Nurse Unions and Patient Outcomes

Arindrajit Dube, Ethan Kaplan, and Owen Thompson, Working paper, November .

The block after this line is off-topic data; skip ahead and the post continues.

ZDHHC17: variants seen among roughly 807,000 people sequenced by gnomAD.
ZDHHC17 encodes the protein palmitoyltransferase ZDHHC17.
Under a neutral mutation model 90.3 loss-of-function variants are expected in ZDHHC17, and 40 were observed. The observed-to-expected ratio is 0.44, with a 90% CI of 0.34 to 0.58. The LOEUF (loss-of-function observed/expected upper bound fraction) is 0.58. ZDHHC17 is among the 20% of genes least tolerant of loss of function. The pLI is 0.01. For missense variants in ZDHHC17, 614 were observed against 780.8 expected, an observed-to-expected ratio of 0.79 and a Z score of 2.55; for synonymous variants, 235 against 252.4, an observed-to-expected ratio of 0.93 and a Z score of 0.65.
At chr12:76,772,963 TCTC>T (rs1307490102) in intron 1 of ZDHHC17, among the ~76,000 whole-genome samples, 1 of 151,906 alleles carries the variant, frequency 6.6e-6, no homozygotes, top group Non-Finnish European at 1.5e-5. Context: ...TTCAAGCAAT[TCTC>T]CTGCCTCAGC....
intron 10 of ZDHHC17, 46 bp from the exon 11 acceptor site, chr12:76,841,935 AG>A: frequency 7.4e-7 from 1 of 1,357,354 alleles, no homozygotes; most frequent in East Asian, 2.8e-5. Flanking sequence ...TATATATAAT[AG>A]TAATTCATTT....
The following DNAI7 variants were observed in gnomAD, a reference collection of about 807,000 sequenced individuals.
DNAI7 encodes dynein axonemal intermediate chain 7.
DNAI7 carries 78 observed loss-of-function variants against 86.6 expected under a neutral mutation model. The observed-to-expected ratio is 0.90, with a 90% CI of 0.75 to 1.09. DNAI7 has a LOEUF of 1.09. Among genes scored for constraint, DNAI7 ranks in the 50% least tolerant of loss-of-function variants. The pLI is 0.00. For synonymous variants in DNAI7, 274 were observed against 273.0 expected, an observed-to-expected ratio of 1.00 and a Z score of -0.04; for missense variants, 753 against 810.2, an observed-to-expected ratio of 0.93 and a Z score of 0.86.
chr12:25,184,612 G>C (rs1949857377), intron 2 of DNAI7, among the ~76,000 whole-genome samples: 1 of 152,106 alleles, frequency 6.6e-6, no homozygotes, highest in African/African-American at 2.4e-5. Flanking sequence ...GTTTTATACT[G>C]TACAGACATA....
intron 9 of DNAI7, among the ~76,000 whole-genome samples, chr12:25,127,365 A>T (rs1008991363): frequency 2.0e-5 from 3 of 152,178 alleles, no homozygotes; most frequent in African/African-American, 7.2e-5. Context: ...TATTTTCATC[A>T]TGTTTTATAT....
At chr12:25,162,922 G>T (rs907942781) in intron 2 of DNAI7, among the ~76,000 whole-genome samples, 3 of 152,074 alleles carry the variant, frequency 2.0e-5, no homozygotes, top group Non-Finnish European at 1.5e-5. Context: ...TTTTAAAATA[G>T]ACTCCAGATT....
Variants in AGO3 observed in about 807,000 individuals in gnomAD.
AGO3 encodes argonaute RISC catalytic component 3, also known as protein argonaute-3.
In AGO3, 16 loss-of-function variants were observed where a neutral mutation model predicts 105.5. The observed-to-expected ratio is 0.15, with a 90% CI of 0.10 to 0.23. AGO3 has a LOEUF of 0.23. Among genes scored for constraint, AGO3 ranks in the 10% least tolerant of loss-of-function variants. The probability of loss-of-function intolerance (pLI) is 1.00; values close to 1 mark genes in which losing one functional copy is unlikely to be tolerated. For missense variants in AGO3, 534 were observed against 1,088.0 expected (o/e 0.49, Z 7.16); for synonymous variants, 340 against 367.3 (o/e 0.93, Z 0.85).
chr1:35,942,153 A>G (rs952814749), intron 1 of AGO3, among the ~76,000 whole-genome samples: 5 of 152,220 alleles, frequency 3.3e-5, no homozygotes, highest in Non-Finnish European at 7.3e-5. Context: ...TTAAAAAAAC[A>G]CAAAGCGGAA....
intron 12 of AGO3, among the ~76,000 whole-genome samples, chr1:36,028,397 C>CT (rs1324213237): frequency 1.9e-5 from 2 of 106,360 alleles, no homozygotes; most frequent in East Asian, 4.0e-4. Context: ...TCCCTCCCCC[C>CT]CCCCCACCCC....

We estimate the impact of nurse unions on health care quality using patient discharge data and the universe of hospital unionizations in California between 1996 and 2005. We find that hospitals with a successful unionization effort outperform hospitals where such an effort fails in 12 of 13 nurse sensitive patient outcomes measures. We also find that hospitals with a unionization drive are establishments with a declining quality. When such declines are accounted for using hospital-specific trends, we find unionized hospitals also outperform hospitals without any union election in 12 of 13 outcome measures. The timing of the quality improvement is consistent with a causal impact: the largest changes occur precisely in the year of unionization. The biggest improvements are found in the incidence of metabolic derangement, pulmonary failure, and central nervous system disorders such as depression and delusion, where the estimated changes are roughly between 15% and 60% of the mean incidence for those measures. Dynamic estimates confirm that the improvements in health care outcomes occur within the first two years following nurse unionization

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